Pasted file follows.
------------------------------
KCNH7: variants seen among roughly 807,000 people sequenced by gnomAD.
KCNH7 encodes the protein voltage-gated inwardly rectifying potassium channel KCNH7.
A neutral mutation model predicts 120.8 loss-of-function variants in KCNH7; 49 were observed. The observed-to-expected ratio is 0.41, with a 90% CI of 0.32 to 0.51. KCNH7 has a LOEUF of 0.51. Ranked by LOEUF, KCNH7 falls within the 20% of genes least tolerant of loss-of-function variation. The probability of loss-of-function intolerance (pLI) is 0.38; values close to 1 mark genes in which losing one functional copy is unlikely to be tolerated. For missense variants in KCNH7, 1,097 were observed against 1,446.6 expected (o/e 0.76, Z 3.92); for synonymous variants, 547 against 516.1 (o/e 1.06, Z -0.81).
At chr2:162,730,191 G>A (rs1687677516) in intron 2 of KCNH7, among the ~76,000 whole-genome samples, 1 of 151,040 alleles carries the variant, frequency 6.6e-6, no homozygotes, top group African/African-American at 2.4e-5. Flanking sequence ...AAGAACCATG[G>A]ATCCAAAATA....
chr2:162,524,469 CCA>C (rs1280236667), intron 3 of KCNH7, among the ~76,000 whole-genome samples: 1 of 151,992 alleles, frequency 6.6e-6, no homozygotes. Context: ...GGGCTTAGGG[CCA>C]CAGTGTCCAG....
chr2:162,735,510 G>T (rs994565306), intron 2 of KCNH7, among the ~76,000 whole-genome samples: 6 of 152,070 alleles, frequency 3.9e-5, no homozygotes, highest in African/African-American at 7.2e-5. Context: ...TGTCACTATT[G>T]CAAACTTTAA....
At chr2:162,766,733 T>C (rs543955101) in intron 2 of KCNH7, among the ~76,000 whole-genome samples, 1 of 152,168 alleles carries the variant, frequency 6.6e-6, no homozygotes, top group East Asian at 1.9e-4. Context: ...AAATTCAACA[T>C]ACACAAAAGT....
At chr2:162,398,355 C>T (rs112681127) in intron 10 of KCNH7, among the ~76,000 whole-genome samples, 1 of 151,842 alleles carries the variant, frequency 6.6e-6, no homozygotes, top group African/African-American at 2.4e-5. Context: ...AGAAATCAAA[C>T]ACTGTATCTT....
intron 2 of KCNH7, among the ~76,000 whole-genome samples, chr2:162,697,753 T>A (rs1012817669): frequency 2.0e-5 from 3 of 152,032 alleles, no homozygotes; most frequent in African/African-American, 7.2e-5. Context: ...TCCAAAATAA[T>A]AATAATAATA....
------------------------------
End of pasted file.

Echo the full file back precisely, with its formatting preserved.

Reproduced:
KCNH7: variants seen among roughly 807,000 people sequenced by gnomAD.
KCNH7 encodes the protein voltage-gated inwardly rectifying potassium channel KCNH7.
A neutral mutation model predicts 120.8 loss-of-function variants in KCNH7; 49 were observed. The observed-to-expected ratio is 0.41, with a 90% CI of 0.32 to 0.51. KCNH7 has a LOEUF of 0.51. Ranked by LOEUF, KCNH7 falls within the 20% of genes least tolerant of loss-of-function variation. The probability of loss-of-function intolerance (pLI) is 0.38; values close to 1 mark genes in which losing one functional copy is unlikely to be tolerated. For missense variants in KCNH7, 1,097 were observed against 1,446.6 expected (o/e 0.76, Z 3.92); for synonymous variants, 547 against 516.1 (o/e 1.06, Z -0.81).
At chr2:162,730,191 G>A (rs1687677516) in intron 2 of KCNH7, among the ~76,000 whole-genome samples, 1 of 151,040 alleles carries the variant, frequency 6.6e-6, no homozygotes, top group African/African-American at 2.4e-5. Flanking sequence ...AAGAACCATG[G>A]ATCCAAAATA....
chr2:162,524,469 CCA>C (rs1280236667), intron 3 of KCNH7, among the ~76,000 whole-genome samples: 1 of 151,992 alleles, frequency 6.6e-6, no homozygotes. Context: ...GGGCTTAGGG[CCA>C]CAGTGTCCAG....
chr2:162,735,510 G>T (rs994565306), intron 2 of KCNH7, among the ~76,000 whole-genome samples: 6 of 152,070 alleles, frequency 3.9e-5, no homozygotes, highest in African/African-American at 7.2e-5. Context: ...TGTCACTATT[G>T]CAAACTTTAA....
At chr2:162,766,733 T>C (rs543955101) in intron 2 of KCNH7, among the ~76,000 whole-genome samples, 1 of 152,168 alleles carries the variant, frequency 6.6e-6, no homozygotes, top group East Asian at 1.9e-4. Context: ...AAATTCAACA[T>C]ACACAAAAGT....
At chr2:162,398,355 C>T (rs112681127) in intron 10 of KCNH7, among the ~76,000 whole-genome samples, 1 of 151,842 alleles carries the variant, frequency 6.6e-6, no homozygotes, top group African/African-American at 2.4e-5. Context: ...AGAAATCAAA[C>T]ACTGTATCTT....
intron 2 of KCNH7, among the ~76,000 whole-genome samples, chr2:162,697,753 T>A (rs1012817669): frequency 2.0e-5 from 3 of 152,032 alleles, no homozygotes; most frequent in African/African-American, 7.2e-5. Context: ...TCCAAAATAA[T>A]AATAATAATA....